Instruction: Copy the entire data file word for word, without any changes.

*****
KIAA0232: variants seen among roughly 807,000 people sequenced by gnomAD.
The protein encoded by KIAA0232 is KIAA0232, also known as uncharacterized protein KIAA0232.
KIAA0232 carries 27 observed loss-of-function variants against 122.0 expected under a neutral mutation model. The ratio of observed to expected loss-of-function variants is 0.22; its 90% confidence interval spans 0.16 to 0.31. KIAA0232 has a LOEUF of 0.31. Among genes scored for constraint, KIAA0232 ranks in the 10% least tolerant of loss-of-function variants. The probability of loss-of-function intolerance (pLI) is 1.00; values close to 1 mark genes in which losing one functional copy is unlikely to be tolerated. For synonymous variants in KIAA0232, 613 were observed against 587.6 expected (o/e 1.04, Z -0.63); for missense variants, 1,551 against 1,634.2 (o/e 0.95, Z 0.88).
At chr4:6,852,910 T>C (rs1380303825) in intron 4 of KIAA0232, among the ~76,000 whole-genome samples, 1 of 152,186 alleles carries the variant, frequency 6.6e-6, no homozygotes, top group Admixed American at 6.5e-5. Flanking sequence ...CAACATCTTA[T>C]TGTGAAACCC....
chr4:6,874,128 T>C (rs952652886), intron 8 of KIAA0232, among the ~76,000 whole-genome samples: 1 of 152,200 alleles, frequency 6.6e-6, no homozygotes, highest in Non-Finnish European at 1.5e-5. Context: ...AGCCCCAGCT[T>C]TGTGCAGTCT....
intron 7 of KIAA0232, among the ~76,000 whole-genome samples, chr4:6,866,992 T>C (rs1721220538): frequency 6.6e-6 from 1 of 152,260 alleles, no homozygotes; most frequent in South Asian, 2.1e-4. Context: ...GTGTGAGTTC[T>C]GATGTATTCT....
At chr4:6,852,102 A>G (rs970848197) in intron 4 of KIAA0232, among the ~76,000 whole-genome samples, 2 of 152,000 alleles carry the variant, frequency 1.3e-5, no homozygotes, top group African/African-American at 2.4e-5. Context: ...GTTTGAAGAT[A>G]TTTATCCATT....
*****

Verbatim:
KIAA0232: variants seen among roughly 807,000 people sequenced by gnomAD.
The protein encoded by KIAA0232 is KIAA0232, also known as uncharacterized protein KIAA0232.
KIAA0232 carries 27 observed loss-of-function variants against 122.0 expected under a neutral mutation model. The ratio of observed to expected loss-of-function variants is 0.22; its 90% confidence interval spans 0.16 to 0.31. KIAA0232 has a LOEUF of 0.31. Among genes scored for constraint, KIAA0232 ranks in the 10% least tolerant of loss-of-function variants. The probability of loss-of-function intolerance (pLI) is 1.00; values close to 1 mark genes in which losing one functional copy is unlikely to be tolerated. For synonymous variants in KIAA0232, 613 were observed against 587.6 expected (o/e 1.04, Z -0.63); for missense variants, 1,551 against 1,634.2 (o/e 0.95, Z 0.88).
At chr4:6,852,910 T>C (rs1380303825) in intron 4 of KIAA0232, among the ~76,000 whole-genome samples, 1 of 152,186 alleles carries the variant, frequency 6.6e-6, no homozygotes, top group Admixed American at 6.5e-5. Flanking sequence ...CAACATCTTA[T>C]TGTGAAACCC....
chr4:6,874,128 T>C (rs952652886), intron 8 of KIAA0232, among the ~76,000 whole-genome samples: 1 of 152,200 alleles, frequency 6.6e-6, no homozygotes, highest in Non-Finnish European at 1.5e-5. Context: ...AGCCCCAGCT[T>C]TGTGCAGTCT....
intron 7 of KIAA0232, among the ~76,000 whole-genome samples, chr4:6,866,992 T>C (rs1721220538): frequency 6.6e-6 from 1 of 152,260 alleles, no homozygotes; most frequent in South Asian, 2.1e-4. Context: ...GTGTGAGTTC[T>C]GATGTATTCT....
At chr4:6,852,102 A>G (rs970848197) in intron 4 of KIAA0232, among the ~76,000 whole-genome samples, 2 of 152,000 alleles carry the variant, frequency 1.3e-5, no homozygotes, top group African/African-American at 2.4e-5. Context: ...GTTTGAAGAT[A>G]TTTATCCATT....